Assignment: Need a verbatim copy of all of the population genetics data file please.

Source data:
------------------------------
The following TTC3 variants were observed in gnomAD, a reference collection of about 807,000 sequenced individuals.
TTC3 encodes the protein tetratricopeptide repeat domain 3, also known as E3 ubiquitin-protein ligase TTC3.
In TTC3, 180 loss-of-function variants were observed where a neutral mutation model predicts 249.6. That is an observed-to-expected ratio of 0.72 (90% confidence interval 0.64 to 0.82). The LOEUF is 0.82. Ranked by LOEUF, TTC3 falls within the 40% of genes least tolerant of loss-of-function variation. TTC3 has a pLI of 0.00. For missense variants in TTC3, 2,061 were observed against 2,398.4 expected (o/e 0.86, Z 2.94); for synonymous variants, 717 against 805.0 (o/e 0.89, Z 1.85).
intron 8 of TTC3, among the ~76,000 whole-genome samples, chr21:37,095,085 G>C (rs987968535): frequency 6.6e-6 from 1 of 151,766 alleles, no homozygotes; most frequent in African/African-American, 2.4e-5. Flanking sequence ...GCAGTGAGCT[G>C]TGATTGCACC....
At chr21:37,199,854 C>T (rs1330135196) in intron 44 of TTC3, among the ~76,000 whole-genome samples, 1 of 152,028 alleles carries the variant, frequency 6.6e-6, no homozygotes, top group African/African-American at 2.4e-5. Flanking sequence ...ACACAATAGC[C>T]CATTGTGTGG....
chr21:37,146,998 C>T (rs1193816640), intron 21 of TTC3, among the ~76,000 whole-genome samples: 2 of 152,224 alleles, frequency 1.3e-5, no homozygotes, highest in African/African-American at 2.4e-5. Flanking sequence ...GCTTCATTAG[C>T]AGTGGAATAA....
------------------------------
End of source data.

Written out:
The following TTC3 variants were observed in gnomAD, a reference collection of about 807,000 sequenced individuals.
TTC3 encodes the protein tetratricopeptide repeat domain 3, also known as E3 ubiquitin-protein ligase TTC3.
In TTC3, 180 loss-of-function variants were observed where a neutral mutation model predicts 249.6. That is an observed-to-expected ratio of 0.72 (90% confidence interval 0.64 to 0.82). The LOEUF is 0.82. Ranked by LOEUF, TTC3 falls within the 40% of genes least tolerant of loss-of-function variation. TTC3 has a pLI of 0.00. For missense variants in TTC3, 2,061 were observed against 2,398.4 expected (o/e 0.86, Z 2.94); for synonymous variants, 717 against 805.0 (o/e 0.89, Z 1.85).
intron 8 of TTC3, among the ~76,000 whole-genome samples, chr21:37,095,085 G>C (rs987968535): frequency 6.6e-6 from 1 of 151,766 alleles, no homozygotes; most frequent in African/African-American, 2.4e-5. Flanking sequence ...GCAGTGAGCT[G>C]TGATTGCACC....
At chr21:37,199,854 C>T (rs1330135196) in intron 44 of TTC3, among the ~76,000 whole-genome samples, 1 of 152,028 alleles carries the variant, frequency 6.6e-6, no homozygotes, top group African/African-American at 2.4e-5. Flanking sequence ...ACACAATAGC[C>T]CATTGTGTGG....
chr21:37,146,998 C>T (rs1193816640), intron 21 of TTC3, among the ~76,000 whole-genome samples: 2 of 152,224 alleles, frequency 1.3e-5, no homozygotes, highest in African/African-American at 2.4e-5. Flanking sequence ...GCTTCATTAG[C>T]AGTGGAATAA....